……………………………………………………….When old ideas which are antithetical to Homeopathy (as defined by its founder) are promoted as the latest developments in the art, leaders may well feel obliged to speak up. and wonder, “…rather should we experiment and test what is true and effective in Homeopathy today?” I can’t resist responding to this question with another question: has something about disease and healing so fundamentally changed that today’s Homeopathy must be different from that of previous eras? What was this event, when did the change occur, and how must Homeopathy therefore change?

He asks, “how do we ‘know’ the medicinal action of homeopathic drugs?” and whether the Organon’s principles remain verifiably true. Many seem to be unclear about the


meaning and importance of Hahnemann’s inductive logic, relative to “other ways of knowledge.” The implication is that these principles are simply one man’s ideas, to be tested and improved in the course of time, along with the ideas of many other theorists and thinkers.

I would respectfully suggest that these concerns show a failure to grasp the true stature of this man and his work, and the extent to which recorded experience has long since verified his teachings.

Inductive logic makes Homeopathy unique

Inductive methods are indeed valued over others in Homeopathy, due to Hahnemann’s awareness of the long history of false hopes and dead ends in medical approaches which relied on other sources of knowledge such as deduction and intuition. The very relentlessness that makes his chastisements sound so harsh also drove him to painstakingly work out an inductive approach to healing which differs in logical type from any other before or since.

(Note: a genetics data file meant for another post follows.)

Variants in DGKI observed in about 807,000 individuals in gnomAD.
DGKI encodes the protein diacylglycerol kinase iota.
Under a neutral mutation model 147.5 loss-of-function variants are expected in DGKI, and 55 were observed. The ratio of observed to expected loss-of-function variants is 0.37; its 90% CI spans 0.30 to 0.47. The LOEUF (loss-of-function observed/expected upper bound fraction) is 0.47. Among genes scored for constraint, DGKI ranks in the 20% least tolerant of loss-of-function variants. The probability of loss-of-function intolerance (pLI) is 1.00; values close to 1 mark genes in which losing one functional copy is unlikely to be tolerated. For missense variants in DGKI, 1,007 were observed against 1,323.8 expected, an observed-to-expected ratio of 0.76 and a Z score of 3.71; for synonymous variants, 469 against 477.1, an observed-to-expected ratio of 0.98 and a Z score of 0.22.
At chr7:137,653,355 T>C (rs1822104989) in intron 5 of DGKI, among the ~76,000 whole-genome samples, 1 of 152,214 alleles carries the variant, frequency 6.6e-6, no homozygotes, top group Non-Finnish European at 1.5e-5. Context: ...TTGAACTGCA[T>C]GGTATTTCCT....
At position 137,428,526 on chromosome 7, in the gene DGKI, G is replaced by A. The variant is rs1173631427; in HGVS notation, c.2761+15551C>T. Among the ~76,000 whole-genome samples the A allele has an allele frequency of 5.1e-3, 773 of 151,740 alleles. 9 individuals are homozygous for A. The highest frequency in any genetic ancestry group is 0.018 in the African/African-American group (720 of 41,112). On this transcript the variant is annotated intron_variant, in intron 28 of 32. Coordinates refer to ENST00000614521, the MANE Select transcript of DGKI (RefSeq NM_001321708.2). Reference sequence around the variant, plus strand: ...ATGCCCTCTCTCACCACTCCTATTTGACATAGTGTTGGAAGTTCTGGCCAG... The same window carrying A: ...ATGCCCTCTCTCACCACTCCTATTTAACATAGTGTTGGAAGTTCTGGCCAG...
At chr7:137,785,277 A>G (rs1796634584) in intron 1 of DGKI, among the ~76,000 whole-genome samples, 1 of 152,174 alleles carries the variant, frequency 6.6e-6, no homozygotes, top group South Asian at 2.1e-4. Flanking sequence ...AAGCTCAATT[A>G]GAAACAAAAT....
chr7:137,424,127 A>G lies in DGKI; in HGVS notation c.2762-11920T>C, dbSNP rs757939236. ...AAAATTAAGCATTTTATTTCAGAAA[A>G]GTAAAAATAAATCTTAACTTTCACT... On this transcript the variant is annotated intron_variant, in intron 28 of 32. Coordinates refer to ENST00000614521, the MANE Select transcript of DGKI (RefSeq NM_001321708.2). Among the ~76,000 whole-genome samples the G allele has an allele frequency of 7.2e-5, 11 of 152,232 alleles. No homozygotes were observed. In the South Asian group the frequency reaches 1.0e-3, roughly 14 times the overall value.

This fundamental distinction is the basis of its superiority over the standard medicine of his day (and of our own), and the reason that repeated attempts to amend it, lacking the inductive foundation, have never been acceptable as extensions of his work. Some ask whether “…we must reject and denounce the premises of Electroacupuncture by Voll, radionics, medical psychics, Jung, Whitmont, shamans, and Rife as folly and quackery?” I think the best response here is to quote Jesus: “By their fruits you shall know them.” Many traditions and individuals have touched on certain aspects of the territory, and of course conventional medicine has accumulated masses of fragmentary data.

Homeopathy, however, offers us something qualitatively unique: a comprehensive map including a system of principles that illuminates the energetic basis of disease and health, sets out an effective method of removing illness, provides a way to understand the process, and applies to every curable case.

200 years after Hahnemann’s discoveries, persistent and skillful application of homeopathic principles will still lead to genuine cures. If we know and understand the value of this system, if our work is Homeopathy, we are ethically obliged to rely on the principles, and on trustworthy information derived from them, rather than on intuition or hypothesis. Judges are bound to follow the law and the principles of justice, navigators must use the compass and map, and homeopaths must apply the truths of the Organon